Also starting: the third season of Madam Secretary, an underrated show which, as I’ve said before, suffers a little because of what it isn’t – The West Wing, House of Cards, Scandal – rather than being appreciated for what it is: a modestly ambitious political drama for grown-ups with one of the best ensemble casts on network TV. Probably no reviews, but I love this show (Wednesday 15 February, 10pm, Sky Living).

Other stuff: the final season of Girls is under way (Mondays, 10pm, Sky Atlantic); season 13 of Grey’s Anatomy resumes (Wednesday, 9pm, Sky Living); John Oliver’s Last Week Tonight has returned (Mondays, 10.35pm, Sky Atlantic); and Australian drama The Kettering Incident starts (Wednesday, 10pm, Sky Atlantic).

And I’ve kept the best for last. The outstanding The People v. O.J. Simpson – American Crime Story is on Netflix UK from tomorrow (Wednesday): one of the best TV dramas of recent years, with remarkable performances from a stellar cast, in particular Courtney B. Vance, Sarah Paulson, and the nonpareil Sterling K. Brown.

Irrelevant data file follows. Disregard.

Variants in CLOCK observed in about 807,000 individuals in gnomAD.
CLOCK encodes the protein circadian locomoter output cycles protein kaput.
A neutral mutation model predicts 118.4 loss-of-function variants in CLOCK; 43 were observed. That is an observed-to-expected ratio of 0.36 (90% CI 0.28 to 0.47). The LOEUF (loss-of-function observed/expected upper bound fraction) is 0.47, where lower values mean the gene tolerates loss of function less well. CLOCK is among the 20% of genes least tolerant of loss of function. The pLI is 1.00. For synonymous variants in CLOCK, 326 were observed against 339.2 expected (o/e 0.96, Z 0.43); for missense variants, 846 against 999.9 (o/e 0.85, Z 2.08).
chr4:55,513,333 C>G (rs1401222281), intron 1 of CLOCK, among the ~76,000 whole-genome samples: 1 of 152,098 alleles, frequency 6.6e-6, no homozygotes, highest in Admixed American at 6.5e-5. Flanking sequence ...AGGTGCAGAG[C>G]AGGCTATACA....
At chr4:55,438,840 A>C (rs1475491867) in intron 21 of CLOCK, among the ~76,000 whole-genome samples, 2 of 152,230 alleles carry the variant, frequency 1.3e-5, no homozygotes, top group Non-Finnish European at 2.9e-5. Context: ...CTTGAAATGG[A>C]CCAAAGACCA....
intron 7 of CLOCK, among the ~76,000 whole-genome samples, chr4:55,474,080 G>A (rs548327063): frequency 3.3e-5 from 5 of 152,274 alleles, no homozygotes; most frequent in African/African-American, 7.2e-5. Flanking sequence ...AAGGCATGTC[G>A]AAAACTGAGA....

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Madam Secretary s2 ep 23

The second season of Madam Secretary has just finished on UK TV. And, perhaps a little to my surprise, I’m forced to reflect that it has stealthily become one of my favourite shows on TV at the moment. To be clear: it’s not “great TV”. It’s not a Sopranos, a Mad Men, a Good Wife. Nor is it even a seasons 1 and 2 Scandal; although, as it happens, it’s significantly more consistent, in terms of quality and tone, than present-day Scandal. It’s very good, though. Really very good indeed.